In both Knife in The Water and Repulsion Polanski displayed an acute psychological insight into the characters’ relationships and predicaments. In relation to Repulsion a leading psychiatrist asked him how he knew so much about schizophrenia. It was “just his imagination” he was forced to reply. Now, in Cul de Sac, he added humour. From the start the film is full of black humour, role reversal and a sense of the ridiculous. The castle is overrun by chickens; there seems to be nothing but eggs (would Freudians have a comment?) and home-made vodka to consume. In one delicious scene the rough-hewn Richard is transformed into the butler. And one of my favourite moments in all cinema is when Teresa, listless, tipsy and playful, rips and folds pages from her magazine, gently inserts them between the slumbering Richard’s toes, and sets them on fire.
As with Knife in The Water, Polanski maximises the atmosphere afforded by his location. The film was shot on Holy Island off the Northumbrian coast, with all the attendant difficulties that that entailed. (A brand new camera car was enveloped by the waves.) But visually the film benefits from a strong, clear northern light and vast horizons. A visit by former friends is announced by their Jaguar racing over the flat sands. Chickens, gulls and owls punctuate the soundtrack. Powerful sequences are allowed to unfold with little or no dialogue. The castle offers creepy stone passageways and a plethora of ticking clocks.
True, not all the acting is of the first order. Maybe the budget limited his casting choices, and Polanski of course was not working in his native tongue. But Pleasence delivers a beautifully sustained, over-the-top performance, one of the best of his career.
At the centre of the film is an extraordinary sequence which exemplifies the developing relationship of the three protagonists. They are on the beach. George and Richard are drinking. Teresa contemptuously flounces off to have a swim. George follows her but falls in the sand and returns to Richard. He pours his heart out, describing the difficulties of his marriage. Richard hears a small plane and thinks that rescue is at hand. George assures him that it is a regular flight and as the plane sweeps low overhead Richard, angry at being betrayed, pulls out his gun and fires uselessly at the receding shape. Teresa emerges from the waves, shuns George’s overtures and the three of them disappear over the dunes. Polanski, against all the advice on offer, insisted on shooting the sequence in a single, choreographed, seven-and-a-half-minute take, including the appearance of the plane. Perhaps only a young, confident director, absolutely on top of his talent, would have dared.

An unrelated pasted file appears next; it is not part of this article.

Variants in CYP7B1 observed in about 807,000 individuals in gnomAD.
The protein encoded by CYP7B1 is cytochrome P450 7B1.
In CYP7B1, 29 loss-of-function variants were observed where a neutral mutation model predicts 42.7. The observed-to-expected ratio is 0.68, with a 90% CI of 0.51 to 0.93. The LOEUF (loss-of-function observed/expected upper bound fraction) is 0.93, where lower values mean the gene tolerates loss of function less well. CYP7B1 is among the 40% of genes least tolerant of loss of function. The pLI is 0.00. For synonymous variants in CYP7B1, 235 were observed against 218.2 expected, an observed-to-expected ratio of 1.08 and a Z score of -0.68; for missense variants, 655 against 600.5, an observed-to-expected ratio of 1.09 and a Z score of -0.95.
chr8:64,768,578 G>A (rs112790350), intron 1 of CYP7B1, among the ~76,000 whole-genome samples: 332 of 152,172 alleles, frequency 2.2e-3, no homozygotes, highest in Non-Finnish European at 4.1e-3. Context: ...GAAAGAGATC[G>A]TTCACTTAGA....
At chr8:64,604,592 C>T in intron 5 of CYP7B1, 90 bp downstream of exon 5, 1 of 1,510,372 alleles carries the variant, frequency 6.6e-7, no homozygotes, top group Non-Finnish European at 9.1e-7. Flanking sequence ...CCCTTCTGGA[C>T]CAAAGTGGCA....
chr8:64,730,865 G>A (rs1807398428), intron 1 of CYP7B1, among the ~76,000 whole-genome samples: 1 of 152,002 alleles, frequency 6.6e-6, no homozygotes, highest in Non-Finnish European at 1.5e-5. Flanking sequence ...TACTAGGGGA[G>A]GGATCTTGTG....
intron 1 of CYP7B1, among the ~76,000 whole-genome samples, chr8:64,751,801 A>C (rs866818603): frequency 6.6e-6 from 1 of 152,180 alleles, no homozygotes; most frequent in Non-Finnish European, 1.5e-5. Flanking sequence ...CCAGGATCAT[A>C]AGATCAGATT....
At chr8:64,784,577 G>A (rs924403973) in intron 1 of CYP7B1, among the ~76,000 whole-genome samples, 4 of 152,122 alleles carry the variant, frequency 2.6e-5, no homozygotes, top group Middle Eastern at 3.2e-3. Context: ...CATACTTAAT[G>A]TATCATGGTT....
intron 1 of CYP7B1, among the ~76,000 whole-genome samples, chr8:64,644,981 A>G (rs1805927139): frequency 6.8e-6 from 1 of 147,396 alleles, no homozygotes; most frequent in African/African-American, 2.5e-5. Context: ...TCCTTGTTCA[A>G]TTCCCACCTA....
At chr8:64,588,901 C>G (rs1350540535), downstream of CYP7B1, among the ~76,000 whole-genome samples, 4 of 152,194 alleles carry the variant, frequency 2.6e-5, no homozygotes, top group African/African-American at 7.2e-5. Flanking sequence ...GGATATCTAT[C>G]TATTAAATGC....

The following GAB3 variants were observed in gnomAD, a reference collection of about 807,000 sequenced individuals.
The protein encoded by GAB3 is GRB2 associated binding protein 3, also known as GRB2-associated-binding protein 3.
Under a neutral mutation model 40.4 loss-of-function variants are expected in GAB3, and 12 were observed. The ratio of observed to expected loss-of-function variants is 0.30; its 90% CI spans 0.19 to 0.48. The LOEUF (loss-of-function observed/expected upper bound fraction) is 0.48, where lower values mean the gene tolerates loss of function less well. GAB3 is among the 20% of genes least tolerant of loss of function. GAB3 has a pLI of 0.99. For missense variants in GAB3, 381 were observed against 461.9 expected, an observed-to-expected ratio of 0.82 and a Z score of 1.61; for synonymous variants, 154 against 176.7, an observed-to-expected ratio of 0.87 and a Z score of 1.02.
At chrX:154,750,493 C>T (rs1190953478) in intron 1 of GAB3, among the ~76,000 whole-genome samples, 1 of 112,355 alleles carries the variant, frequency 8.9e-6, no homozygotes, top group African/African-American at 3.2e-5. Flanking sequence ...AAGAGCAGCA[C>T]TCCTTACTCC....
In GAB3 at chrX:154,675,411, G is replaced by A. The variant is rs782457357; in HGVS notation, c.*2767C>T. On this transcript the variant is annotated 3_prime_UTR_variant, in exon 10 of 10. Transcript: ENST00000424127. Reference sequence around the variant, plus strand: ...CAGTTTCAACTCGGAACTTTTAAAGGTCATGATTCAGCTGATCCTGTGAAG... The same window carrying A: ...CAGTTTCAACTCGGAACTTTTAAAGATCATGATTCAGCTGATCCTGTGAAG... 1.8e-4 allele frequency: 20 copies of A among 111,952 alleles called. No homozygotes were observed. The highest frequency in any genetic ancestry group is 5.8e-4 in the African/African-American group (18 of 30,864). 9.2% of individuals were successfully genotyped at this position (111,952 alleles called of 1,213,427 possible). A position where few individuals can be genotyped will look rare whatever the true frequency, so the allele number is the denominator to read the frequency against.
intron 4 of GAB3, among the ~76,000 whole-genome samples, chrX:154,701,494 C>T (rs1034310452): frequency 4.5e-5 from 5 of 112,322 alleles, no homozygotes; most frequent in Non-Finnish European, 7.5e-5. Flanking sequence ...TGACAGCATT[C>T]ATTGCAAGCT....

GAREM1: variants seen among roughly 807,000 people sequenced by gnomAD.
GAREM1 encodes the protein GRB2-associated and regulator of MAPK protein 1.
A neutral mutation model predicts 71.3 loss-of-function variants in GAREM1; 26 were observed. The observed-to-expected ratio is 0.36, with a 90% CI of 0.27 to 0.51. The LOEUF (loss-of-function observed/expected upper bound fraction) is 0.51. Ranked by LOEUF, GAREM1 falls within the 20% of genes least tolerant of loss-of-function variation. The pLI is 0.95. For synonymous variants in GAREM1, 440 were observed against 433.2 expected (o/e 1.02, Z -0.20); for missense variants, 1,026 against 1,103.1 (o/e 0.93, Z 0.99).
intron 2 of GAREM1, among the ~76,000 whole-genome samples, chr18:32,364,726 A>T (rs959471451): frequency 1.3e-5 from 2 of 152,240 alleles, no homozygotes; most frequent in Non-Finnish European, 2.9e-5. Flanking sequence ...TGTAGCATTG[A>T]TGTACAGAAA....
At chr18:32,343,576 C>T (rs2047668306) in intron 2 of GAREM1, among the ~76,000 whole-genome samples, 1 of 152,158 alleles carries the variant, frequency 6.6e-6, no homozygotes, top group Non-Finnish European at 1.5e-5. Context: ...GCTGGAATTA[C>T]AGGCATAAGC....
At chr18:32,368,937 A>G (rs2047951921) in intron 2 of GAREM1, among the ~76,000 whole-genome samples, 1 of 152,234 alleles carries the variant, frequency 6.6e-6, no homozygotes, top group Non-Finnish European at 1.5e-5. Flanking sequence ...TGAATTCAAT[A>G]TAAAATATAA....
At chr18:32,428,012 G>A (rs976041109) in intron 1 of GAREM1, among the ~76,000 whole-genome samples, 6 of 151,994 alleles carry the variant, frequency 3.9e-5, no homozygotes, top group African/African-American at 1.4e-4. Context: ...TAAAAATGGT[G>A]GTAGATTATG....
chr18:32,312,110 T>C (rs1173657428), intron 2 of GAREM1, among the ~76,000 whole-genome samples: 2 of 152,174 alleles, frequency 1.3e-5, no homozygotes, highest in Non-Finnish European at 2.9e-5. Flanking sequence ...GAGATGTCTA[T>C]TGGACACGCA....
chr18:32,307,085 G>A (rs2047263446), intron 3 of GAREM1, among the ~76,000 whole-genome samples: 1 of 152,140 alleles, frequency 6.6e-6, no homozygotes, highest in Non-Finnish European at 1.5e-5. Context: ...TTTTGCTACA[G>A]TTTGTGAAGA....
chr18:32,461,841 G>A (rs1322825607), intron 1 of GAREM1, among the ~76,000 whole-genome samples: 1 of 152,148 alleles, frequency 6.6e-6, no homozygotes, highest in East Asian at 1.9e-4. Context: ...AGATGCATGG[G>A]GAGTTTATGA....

Polanski went on to make more extraordinary and bigger movies, but one feels, especially when he stopped originating his own screenplays, that there was less exuberance in his movie making. And it is amazing to know that even fifty years ago, Cul de Sac cost only £120,000 to make.
Cul de Sac, a little-seen gem, well worth your attention, has been known to crop up on late night TV, and can be found on DVD and Blu-ray.